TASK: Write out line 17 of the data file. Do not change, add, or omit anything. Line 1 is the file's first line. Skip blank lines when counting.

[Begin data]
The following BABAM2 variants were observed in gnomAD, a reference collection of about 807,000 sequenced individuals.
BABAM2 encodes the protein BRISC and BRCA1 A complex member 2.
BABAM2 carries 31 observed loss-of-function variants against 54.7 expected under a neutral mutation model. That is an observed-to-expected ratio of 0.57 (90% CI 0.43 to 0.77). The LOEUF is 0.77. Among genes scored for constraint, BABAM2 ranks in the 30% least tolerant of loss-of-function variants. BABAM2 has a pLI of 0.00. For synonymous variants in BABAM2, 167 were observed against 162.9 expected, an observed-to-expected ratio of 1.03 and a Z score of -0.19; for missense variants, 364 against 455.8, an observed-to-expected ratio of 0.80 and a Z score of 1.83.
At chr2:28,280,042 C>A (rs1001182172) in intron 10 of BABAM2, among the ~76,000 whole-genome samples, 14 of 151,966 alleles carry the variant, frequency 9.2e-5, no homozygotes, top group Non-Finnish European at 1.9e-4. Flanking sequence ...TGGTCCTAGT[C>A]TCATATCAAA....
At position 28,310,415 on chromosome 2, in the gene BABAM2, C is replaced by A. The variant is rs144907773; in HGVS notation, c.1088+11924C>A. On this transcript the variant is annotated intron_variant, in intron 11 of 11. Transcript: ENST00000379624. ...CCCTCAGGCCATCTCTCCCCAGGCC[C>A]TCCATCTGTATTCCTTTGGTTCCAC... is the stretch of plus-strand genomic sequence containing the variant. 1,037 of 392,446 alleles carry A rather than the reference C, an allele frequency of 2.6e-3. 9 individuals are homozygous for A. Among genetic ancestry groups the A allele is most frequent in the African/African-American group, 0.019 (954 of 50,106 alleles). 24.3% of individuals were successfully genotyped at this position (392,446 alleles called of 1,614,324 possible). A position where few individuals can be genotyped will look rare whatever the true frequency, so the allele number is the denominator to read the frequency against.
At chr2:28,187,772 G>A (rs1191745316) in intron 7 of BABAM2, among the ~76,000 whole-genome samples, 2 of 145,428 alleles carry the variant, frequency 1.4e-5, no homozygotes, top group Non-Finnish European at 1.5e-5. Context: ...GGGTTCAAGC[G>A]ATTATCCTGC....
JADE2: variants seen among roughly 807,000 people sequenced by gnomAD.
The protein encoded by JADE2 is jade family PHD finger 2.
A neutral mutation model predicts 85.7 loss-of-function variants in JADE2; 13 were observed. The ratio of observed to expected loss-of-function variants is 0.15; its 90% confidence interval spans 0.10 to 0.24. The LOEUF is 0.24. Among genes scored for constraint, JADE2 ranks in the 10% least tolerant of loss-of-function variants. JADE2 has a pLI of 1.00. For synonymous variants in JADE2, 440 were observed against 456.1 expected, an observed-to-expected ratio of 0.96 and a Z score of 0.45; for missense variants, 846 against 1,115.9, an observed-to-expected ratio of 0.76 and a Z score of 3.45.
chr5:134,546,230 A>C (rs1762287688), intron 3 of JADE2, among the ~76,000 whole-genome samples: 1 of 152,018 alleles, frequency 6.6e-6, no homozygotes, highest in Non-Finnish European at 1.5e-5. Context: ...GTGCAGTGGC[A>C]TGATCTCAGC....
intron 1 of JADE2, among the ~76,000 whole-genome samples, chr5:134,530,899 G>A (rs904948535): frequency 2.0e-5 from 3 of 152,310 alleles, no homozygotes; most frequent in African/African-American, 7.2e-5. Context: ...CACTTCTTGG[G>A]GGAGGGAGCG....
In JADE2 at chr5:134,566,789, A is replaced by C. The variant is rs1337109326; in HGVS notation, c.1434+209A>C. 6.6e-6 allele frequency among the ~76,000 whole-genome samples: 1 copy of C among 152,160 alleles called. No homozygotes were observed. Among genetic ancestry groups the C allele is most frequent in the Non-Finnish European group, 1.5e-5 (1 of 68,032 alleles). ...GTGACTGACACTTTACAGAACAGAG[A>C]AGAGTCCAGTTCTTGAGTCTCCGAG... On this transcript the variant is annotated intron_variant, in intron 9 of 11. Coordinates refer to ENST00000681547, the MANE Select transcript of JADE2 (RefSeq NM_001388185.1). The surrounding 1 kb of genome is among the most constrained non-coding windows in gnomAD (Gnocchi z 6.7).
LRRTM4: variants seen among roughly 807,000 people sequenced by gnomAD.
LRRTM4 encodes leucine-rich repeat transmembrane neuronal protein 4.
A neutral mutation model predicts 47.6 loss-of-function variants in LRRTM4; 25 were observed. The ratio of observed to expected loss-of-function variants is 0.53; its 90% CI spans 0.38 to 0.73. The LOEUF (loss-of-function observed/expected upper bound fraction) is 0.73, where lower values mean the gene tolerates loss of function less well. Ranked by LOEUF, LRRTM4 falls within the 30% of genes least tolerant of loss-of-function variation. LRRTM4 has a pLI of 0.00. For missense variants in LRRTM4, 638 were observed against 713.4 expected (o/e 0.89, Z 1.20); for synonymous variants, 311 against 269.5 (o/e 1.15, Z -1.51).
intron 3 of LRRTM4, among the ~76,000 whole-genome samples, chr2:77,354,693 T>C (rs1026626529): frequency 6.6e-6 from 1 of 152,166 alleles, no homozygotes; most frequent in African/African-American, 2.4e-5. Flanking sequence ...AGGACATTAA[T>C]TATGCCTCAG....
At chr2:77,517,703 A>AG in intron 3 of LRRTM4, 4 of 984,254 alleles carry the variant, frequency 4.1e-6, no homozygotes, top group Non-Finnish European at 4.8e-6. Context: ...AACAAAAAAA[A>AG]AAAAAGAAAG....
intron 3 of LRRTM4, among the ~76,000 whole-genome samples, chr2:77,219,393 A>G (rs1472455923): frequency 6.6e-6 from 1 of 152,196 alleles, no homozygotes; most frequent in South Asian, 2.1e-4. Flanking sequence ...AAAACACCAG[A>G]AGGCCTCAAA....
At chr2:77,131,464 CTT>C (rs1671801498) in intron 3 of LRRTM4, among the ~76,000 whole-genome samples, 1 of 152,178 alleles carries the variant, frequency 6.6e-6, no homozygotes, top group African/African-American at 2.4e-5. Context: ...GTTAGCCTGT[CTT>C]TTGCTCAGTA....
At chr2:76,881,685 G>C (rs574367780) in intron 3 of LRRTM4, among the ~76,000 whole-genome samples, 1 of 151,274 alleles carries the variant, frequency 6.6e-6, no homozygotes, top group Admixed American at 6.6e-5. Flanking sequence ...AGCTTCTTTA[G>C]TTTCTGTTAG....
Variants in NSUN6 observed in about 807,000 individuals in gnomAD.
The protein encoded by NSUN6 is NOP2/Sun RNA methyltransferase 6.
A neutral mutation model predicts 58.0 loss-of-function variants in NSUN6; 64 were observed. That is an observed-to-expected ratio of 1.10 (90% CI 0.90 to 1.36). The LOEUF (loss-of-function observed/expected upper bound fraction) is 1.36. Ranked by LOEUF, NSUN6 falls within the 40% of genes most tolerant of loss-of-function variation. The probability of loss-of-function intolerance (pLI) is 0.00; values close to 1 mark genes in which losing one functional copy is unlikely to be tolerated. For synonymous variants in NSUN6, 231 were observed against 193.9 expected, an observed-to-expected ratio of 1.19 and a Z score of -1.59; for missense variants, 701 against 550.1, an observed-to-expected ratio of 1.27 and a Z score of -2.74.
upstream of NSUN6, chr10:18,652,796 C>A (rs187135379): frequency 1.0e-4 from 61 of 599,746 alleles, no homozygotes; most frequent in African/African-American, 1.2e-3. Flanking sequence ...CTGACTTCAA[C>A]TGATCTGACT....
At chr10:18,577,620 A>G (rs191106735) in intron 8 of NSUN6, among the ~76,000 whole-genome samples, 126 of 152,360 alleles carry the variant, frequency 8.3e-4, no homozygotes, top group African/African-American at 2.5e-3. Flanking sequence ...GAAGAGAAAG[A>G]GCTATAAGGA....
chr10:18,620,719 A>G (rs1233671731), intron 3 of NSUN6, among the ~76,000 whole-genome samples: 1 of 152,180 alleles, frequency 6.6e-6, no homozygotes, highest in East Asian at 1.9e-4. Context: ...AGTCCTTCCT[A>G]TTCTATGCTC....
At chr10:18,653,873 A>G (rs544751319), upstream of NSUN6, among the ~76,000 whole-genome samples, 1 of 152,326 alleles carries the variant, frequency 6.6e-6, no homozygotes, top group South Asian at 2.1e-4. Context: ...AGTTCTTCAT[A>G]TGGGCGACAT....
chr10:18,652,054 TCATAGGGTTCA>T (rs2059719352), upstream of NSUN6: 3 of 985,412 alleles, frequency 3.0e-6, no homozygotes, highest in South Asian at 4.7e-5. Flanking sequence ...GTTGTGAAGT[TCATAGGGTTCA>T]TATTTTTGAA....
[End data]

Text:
At chr2:77,517,703 A>AG in intron 3 of LRRTM4, 4 of 984,254 alleles carry the variant, frequency 4.1e-6, no homozygotes, top group Non-Finnish European at 4.8e-6. Context: ...AACAAAAAAA[A>AG]AAAAAGAAAG....